The administration official told The Associated Press on Tuesday that Gration is the pick of both Obama and Secretary of State Hillary Rodham Clinton.

The announcement was being made Wednesday."

Editor's note: Well, it certainly seems that Sen. Nelson is of the mind that he is going to decide who is - or rather - who is not the next NASA Administrator. It should be no secret by now that Nelson would like to see former astronaut Charles Bolden nominated. Widely regarded as a sterling individual, few people dislike Bolden or question his capabilities.

However, the White House seems to have other ideas as to who they'd like to nominate. Nelson made it quite clear that he did not want Scott Gration to be the nominee due to a lack of space experience. Now, Nelson has made it clear that he does not want to see Steve Isakowitz as the nominee either and has taken active steps to block Isakowitz's name from moving forward.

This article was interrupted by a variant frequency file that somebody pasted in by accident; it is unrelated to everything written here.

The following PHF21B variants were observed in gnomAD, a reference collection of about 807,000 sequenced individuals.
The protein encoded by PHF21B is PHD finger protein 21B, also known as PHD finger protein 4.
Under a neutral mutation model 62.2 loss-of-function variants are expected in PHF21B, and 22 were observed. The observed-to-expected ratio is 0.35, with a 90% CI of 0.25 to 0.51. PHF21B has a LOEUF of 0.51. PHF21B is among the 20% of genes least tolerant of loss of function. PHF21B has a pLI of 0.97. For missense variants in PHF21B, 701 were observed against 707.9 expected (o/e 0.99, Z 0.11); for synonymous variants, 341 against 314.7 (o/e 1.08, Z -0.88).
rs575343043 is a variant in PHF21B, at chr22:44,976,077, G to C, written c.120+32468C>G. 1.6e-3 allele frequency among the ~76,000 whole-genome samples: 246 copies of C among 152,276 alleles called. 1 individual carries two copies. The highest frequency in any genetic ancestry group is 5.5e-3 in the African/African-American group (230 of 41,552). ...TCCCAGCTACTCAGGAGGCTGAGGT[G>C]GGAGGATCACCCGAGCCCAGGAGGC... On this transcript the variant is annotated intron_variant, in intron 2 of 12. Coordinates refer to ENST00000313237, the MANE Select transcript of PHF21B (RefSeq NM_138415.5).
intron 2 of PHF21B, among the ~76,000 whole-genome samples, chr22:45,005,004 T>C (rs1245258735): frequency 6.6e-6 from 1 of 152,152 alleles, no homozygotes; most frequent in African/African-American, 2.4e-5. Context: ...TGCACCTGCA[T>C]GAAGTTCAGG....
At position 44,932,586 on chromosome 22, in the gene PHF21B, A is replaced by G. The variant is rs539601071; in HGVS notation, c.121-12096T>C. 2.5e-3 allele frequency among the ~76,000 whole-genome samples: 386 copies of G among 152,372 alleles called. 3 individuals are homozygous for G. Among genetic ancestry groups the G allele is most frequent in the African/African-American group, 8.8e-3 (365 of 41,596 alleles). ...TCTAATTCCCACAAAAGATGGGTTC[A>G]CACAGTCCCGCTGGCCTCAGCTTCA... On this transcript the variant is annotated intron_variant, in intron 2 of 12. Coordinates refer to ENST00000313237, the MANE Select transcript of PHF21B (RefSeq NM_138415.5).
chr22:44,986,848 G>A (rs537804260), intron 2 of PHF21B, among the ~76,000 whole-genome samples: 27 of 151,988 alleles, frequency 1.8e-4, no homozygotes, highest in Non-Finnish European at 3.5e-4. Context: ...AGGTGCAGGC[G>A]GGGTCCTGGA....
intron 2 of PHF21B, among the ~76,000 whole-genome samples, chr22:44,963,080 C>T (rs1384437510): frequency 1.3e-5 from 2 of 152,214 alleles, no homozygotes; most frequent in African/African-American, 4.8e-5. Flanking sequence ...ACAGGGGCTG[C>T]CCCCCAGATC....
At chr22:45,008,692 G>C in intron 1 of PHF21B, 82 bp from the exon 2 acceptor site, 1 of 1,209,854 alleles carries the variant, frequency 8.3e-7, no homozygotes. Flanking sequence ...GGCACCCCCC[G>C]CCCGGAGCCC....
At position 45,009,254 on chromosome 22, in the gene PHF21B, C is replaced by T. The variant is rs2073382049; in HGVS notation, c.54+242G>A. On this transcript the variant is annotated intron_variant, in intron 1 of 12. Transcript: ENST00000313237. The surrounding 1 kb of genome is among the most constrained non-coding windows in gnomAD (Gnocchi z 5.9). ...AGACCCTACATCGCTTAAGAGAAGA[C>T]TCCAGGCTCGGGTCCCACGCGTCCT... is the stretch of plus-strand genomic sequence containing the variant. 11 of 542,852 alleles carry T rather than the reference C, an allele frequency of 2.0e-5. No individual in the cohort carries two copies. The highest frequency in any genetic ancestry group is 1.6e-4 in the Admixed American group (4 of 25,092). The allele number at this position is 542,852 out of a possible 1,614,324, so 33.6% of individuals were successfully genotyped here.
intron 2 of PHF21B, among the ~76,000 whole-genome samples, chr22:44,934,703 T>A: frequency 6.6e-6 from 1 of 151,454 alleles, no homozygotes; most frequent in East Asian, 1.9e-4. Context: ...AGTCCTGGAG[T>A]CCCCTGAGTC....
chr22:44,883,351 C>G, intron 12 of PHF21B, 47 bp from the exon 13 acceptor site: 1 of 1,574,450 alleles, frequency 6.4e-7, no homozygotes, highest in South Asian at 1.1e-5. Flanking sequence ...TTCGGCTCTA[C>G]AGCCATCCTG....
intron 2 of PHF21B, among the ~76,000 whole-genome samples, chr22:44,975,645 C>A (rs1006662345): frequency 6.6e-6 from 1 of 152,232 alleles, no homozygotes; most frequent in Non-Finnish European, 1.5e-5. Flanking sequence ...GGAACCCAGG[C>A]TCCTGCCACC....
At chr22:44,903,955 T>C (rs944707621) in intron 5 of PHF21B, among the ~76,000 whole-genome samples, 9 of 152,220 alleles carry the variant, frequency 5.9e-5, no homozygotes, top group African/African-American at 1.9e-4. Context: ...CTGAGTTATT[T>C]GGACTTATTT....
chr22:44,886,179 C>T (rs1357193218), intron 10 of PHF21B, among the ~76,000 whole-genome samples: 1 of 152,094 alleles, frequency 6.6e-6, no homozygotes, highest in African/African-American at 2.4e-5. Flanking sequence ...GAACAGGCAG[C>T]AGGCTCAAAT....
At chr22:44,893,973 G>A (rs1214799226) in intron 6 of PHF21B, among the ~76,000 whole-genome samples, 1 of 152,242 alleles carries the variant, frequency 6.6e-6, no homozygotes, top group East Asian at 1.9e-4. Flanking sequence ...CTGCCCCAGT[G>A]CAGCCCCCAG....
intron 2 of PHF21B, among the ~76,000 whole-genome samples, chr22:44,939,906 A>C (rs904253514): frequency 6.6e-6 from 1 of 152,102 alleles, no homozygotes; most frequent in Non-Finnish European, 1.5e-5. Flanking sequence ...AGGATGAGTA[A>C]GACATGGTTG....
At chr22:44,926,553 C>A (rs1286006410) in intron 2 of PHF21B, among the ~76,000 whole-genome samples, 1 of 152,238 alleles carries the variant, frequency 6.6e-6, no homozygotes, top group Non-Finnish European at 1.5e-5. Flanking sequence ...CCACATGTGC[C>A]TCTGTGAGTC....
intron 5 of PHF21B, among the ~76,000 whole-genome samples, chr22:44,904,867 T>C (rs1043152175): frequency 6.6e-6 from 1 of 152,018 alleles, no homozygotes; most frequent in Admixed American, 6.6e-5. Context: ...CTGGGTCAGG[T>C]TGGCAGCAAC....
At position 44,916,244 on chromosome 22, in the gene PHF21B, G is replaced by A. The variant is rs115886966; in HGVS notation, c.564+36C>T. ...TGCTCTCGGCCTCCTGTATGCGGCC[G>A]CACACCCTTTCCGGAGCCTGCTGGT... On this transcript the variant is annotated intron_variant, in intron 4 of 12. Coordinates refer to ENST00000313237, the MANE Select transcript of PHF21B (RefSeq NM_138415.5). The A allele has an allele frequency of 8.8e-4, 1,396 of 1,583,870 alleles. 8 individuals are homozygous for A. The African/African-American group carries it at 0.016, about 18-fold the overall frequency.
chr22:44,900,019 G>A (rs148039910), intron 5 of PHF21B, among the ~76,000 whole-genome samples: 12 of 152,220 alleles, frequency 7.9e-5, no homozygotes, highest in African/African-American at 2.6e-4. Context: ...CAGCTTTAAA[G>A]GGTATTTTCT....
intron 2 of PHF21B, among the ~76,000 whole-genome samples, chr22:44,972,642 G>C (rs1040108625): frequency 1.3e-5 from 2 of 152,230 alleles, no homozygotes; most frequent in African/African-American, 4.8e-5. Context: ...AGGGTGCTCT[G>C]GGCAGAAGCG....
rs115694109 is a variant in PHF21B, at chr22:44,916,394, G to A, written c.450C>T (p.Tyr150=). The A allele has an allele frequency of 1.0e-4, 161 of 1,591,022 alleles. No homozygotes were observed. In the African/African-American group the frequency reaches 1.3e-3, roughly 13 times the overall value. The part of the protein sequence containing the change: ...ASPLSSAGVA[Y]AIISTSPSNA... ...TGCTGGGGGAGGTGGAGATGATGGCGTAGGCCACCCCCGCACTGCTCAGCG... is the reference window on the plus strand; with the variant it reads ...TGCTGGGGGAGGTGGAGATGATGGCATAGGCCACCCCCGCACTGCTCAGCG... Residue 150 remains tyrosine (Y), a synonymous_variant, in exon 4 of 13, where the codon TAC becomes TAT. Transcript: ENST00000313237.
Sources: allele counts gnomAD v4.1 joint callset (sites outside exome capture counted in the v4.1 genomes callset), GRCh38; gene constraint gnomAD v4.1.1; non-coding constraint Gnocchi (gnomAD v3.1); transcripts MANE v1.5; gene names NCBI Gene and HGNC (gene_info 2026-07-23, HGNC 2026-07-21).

It would seem that Nelson's prime, personal criteria for picking a NASA administrator is staunch support for human space flight - and keeping the shuttle flying as long as possible (thus reducing job loss in Florida). Alas, there are are other things besides human space flight on NASA's agenda.

This is starting to get silly - and is becoming counterproductive so far as NASA's best interests are concerned. It is time for Sen. Nelson to stop being selfish and allow the remaining members of the Senate to have some say in this matter - and to let the White House actually nominate someone to run NASA - someone who can run the agency for the entire nation, not just Florida.